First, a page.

The film is set over a three-day period during Christmas in the early 1990s, where Diana is spending time at the royal family's Sandringham estate. It takes a strikingly different perspective to that of The Crown, the hit Netflix series which saw British actor Emma Corrin play Diana during her early years through to her wedding and complicated marriage to Prince Charles.
Instead, Spencer digs deeper into Diana's isolated, paranoid perspective—even featuring troubling scenes of her self-harming and struggling with bulimia.
“She was really honest about her relationship with her body and food,” says Stewart.
“And this feeling that she wanted to disappear, that she was just diminishing, that she was wasting away, it became so physical for her. To live inside a female body, an unacknowledged, muzzled female body, is a violent experience and it is not easy to talk about. It’s a complicated matter, obviously. But she was really vocal about it. And so we had to go there.”
Making a film where her character connects to the ghost of Anne Boleyn—the beheaded second wife of King Henry VIII – Stewart admits she sensed Diana’s presence at times.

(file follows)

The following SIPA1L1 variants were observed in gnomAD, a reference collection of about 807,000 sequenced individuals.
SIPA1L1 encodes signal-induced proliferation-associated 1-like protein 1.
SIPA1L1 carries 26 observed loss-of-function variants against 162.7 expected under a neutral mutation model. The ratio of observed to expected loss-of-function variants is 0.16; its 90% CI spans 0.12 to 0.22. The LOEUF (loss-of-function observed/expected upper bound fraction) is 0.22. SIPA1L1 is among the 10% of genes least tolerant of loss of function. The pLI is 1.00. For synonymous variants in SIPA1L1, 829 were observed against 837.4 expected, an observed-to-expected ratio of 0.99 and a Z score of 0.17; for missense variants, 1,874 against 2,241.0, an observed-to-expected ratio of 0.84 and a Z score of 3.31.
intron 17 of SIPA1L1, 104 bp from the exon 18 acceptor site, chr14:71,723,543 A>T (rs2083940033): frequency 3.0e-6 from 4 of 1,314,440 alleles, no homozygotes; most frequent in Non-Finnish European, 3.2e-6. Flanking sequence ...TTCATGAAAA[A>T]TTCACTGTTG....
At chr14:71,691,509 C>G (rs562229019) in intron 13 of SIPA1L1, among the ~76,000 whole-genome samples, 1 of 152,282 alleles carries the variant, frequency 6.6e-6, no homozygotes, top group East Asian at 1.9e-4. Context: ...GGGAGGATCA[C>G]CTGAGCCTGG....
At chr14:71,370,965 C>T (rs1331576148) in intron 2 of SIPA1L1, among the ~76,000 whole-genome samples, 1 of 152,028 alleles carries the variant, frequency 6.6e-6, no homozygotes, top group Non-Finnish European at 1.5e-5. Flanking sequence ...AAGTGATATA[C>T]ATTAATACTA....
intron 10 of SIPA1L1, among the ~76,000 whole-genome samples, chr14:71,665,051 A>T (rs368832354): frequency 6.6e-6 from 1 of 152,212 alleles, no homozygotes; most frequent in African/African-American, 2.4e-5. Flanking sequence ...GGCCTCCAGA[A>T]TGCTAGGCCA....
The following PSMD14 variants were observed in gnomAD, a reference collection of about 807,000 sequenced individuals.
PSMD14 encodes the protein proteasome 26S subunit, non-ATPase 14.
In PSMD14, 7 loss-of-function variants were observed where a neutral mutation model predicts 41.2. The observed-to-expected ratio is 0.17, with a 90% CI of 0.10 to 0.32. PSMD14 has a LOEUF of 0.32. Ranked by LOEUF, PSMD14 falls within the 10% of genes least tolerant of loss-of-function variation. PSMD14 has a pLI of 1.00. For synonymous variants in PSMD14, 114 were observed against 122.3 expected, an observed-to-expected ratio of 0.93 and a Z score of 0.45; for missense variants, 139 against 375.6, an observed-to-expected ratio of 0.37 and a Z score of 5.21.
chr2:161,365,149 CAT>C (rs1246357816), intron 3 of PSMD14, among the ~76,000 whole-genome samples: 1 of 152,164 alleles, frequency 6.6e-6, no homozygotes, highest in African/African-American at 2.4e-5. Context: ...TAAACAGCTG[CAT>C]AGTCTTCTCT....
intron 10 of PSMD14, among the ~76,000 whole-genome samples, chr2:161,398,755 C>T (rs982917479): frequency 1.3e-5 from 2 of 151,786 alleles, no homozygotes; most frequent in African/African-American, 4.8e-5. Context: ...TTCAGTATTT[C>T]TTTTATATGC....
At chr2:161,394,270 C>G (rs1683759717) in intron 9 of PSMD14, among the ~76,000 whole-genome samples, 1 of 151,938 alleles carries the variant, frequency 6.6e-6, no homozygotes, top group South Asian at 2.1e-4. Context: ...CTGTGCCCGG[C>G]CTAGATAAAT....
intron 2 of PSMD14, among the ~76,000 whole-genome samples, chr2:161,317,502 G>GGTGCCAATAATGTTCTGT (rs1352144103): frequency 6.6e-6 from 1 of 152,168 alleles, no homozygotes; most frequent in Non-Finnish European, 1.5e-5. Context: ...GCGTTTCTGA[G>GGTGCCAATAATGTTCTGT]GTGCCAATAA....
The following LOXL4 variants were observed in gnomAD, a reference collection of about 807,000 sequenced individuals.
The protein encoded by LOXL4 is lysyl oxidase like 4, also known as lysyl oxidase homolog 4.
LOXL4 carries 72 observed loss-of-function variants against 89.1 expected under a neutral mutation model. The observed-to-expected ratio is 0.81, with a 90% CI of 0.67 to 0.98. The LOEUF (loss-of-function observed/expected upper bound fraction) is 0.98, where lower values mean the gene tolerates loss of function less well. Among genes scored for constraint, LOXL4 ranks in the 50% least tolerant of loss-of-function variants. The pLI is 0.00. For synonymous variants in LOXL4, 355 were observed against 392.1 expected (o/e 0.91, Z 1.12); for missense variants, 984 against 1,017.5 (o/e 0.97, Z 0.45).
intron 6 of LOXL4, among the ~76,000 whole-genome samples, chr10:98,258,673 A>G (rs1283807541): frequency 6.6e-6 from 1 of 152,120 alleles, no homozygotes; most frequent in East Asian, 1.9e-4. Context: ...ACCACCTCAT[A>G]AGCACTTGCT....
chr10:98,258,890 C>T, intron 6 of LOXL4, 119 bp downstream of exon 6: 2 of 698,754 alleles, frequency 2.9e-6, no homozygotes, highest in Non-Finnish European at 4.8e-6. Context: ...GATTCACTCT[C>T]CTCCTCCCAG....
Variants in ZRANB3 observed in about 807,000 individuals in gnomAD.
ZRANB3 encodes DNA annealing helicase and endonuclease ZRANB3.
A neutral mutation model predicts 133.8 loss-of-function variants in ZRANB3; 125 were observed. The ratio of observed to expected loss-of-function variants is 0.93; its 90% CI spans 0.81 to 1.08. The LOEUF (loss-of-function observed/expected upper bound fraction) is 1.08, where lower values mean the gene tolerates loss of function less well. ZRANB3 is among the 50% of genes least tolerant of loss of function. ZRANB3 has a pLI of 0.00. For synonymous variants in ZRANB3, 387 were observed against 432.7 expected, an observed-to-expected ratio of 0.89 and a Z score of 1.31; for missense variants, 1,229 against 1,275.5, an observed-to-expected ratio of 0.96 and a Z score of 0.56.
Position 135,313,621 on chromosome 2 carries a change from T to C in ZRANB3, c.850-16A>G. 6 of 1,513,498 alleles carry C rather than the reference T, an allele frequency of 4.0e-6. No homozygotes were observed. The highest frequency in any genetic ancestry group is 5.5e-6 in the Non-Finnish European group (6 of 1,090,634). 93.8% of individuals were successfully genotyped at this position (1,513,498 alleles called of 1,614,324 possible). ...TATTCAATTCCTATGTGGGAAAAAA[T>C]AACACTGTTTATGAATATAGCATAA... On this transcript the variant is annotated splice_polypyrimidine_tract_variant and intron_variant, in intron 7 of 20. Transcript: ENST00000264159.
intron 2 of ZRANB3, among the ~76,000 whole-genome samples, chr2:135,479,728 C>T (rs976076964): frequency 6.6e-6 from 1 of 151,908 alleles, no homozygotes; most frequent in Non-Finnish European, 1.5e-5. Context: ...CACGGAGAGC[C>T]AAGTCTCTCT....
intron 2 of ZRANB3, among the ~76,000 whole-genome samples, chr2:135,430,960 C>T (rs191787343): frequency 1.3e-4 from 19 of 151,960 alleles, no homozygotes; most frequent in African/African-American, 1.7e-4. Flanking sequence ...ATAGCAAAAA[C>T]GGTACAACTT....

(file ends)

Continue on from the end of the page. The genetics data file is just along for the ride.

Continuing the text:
"I wasn’t like, ‘Ooh, spooky. She’s here!’ But I was just like, ‘Maybe.’ To play her, to deeply consider her and represent the idea of her, felt so good. Even at her lowest moments, the preservation of that pervasive love felt beautiful. It became physical for me, and that in itself felt spiritual."
Stewart’s own intense experiences certainly lean into Spencer—and Diana's own lived reality. It’s hard not to recall Stewart grimacing through red-carpet duties during Twilight mania, or at the paparazzi hordes tailing her and co-star Robert Pattinson during their on-off, four-year coupling.
So how did she cope? “I was fine,” she says matter-of- factly. “I grew up. I work on movies and in between I talk about them with people.”
It begs the question: How important was it that she didn’t hide away or become reclusive?
“Yeah ... I absolutely love people,” she replies.
“I want to make movies about us. I mean, I’m an actor. I know that I might not seem like the most performative person but, at the same time, the feeling of being seen and revealed and having the power to do so is a really beautiful position. It’s a nice life. So no, I didn’t really have to run from anything.”
For the full cover story, pick up the February issue of marie claire Australia, on sale Thursday January 13.